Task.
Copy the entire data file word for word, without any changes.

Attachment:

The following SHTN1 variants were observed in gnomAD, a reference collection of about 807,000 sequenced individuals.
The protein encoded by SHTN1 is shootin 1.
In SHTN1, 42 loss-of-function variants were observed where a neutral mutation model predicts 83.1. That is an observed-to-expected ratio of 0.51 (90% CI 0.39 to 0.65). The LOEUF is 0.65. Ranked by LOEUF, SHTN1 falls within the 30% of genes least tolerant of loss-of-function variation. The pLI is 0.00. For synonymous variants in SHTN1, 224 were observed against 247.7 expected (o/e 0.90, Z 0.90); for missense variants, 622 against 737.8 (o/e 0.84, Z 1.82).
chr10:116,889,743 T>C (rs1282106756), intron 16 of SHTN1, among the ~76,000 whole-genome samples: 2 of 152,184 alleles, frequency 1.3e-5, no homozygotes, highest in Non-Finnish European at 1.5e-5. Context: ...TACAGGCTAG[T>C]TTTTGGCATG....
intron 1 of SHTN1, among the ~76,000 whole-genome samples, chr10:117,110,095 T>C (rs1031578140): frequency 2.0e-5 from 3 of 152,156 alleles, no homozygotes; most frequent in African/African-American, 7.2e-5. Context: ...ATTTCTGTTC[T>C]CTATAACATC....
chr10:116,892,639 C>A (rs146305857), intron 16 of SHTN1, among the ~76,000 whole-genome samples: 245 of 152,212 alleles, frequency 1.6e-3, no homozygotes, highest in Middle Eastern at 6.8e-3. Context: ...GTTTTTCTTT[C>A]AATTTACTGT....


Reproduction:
The following SHTN1 variants were observed in gnomAD, a reference collection of about 807,000 sequenced individuals.
The protein encoded by SHTN1 is shootin 1.
In SHTN1, 42 loss-of-function variants were observed where a neutral mutation model predicts 83.1. That is an observed-to-expected ratio of 0.51 (90% CI 0.39 to 0.65). The LOEUF is 0.65. Ranked by LOEUF, SHTN1 falls within the 30% of genes least tolerant of loss-of-function variation. The pLI is 0.00. For synonymous variants in SHTN1, 224 were observed against 247.7 expected (o/e 0.90, Z 0.90); for missense variants, 622 against 737.8 (o/e 0.84, Z 1.82).
chr10:116,889,743 T>C (rs1282106756), intron 16 of SHTN1, among the ~76,000 whole-genome samples: 2 of 152,184 alleles, frequency 1.3e-5, no homozygotes, highest in Non-Finnish European at 1.5e-5. Context: ...TACAGGCTAG[T>C]TTTTGGCATG....
intron 1 of SHTN1, among the ~76,000 whole-genome samples, chr10:117,110,095 T>C (rs1031578140): frequency 2.0e-5 from 3 of 152,156 alleles, no homozygotes; most frequent in African/African-American, 7.2e-5. Context: ...ATTTCTGTTC[T>C]CTATAACATC....
chr10:116,892,639 C>A (rs146305857), intron 16 of SHTN1, among the ~76,000 whole-genome samples: 245 of 152,212 alleles, frequency 1.6e-3, no homozygotes, highest in Middle Eastern at 6.8e-3. Context: ...GTTTTTCTTT[C>A]AATTTACTGT....